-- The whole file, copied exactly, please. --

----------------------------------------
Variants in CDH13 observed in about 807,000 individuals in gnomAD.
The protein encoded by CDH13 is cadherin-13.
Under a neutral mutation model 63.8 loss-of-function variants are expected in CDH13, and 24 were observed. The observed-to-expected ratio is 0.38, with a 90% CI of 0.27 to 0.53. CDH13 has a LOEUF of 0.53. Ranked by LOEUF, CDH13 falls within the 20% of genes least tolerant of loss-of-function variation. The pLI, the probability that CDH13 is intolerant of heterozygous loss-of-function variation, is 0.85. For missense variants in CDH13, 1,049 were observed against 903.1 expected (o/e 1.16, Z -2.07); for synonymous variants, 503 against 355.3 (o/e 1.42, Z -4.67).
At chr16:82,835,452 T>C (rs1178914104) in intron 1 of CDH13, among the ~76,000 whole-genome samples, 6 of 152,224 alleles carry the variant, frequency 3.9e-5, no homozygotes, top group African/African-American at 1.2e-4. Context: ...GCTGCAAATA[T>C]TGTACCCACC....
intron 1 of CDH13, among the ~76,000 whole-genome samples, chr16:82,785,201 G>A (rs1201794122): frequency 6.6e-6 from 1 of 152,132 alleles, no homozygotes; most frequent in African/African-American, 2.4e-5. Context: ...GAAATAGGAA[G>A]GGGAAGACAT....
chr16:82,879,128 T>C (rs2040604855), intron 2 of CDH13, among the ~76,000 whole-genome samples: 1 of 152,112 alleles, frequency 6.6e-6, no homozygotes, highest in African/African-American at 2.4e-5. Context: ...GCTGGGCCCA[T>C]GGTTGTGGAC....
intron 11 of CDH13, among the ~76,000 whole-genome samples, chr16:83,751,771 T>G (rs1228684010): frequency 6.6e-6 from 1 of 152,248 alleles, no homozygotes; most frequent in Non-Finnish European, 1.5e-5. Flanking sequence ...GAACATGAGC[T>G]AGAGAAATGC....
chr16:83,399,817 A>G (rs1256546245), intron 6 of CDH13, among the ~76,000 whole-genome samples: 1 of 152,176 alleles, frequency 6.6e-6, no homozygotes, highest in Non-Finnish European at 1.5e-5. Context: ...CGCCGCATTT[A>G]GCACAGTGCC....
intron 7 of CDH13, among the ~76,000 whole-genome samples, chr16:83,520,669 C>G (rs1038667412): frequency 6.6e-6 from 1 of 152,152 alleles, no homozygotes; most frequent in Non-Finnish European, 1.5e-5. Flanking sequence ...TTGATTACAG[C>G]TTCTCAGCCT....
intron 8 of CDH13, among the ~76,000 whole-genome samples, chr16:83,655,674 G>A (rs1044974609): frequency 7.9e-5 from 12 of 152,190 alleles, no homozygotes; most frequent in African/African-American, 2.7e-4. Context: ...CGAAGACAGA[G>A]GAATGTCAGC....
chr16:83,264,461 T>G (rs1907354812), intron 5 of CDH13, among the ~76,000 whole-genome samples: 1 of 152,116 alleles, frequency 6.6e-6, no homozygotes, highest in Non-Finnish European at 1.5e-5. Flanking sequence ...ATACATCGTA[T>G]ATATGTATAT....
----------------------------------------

Variants in CDH13 observed in about 807,000 individuals in gnomAD.
The protein encoded by CDH13 is cadherin-13.
Under a neutral mutation model 63.8 loss-of-function variants are expected in CDH13, and 24 were observed. The observed-to-expected ratio is 0.38, with a 90% CI of 0.27 to 0.53. CDH13 has a LOEUF of 0.53. Ranked by LOEUF, CDH13 falls within the 20% of genes least tolerant of loss-of-function variation. The pLI, the probability that CDH13 is intolerant of heterozygous loss-of-function variation, is 0.85. For missense variants in CDH13, 1,049 were observed against 903.1 expected (o/e 1.16, Z -2.07); for synonymous variants, 503 against 355.3 (o/e 1.42, Z -4.67).
At chr16:82,835,452 T>C (rs1178914104) in intron 1 of CDH13, among the ~76,000 whole-genome samples, 6 of 152,224 alleles carry the variant, frequency 3.9e-5, no homozygotes, top group African/African-American at 1.2e-4. Context: ...GCTGCAAATA[T>C]TGTACCCACC....
intron 1 of CDH13, among the ~76,000 whole-genome samples, chr16:82,785,201 G>A (rs1201794122): frequency 6.6e-6 from 1 of 152,132 alleles, no homozygotes; most frequent in African/African-American, 2.4e-5. Context: ...GAAATAGGAA[G>A]GGGAAGACAT....
chr16:82,879,128 T>C (rs2040604855), intron 2 of CDH13, among the ~76,000 whole-genome samples: 1 of 152,112 alleles, frequency 6.6e-6, no homozygotes, highest in African/African-American at 2.4e-5. Context: ...GCTGGGCCCA[T>C]GGTTGTGGAC....
intron 11 of CDH13, among the ~76,000 whole-genome samples, chr16:83,751,771 T>G (rs1228684010): frequency 6.6e-6 from 1 of 152,248 alleles, no homozygotes; most frequent in Non-Finnish European, 1.5e-5. Flanking sequence ...GAACATGAGC[T>G]AGAGAAATGC....
chr16:83,399,817 A>G (rs1256546245), intron 6 of CDH13, among the ~76,000 whole-genome samples: 1 of 152,176 alleles, frequency 6.6e-6, no homozygotes, highest in Non-Finnish European at 1.5e-5. Context: ...CGCCGCATTT[A>G]GCACAGTGCC....
intron 7 of CDH13, among the ~76,000 whole-genome samples, chr16:83,520,669 C>G (rs1038667412): frequency 6.6e-6 from 1 of 152,152 alleles, no homozygotes; most frequent in Non-Finnish European, 1.5e-5. Flanking sequence ...TTGATTACAG[C>G]TTCTCAGCCT....
intron 8 of CDH13, among the ~76,000 whole-genome samples, chr16:83,655,674 G>A (rs1044974609): frequency 7.9e-5 from 12 of 152,190 alleles, no homozygotes; most frequent in African/African-American, 2.7e-4. Context: ...CGAAGACAGA[G>A]GAATGTCAGC....
chr16:83,264,461 T>G (rs1907354812), intron 5 of CDH13, among the ~76,000 whole-genome samples: 1 of 152,116 alleles, frequency 6.6e-6, no homozygotes, highest in Non-Finnish European at 1.5e-5. Flanking sequence ...ATACATCGTA[T>G]ATATGTATAT....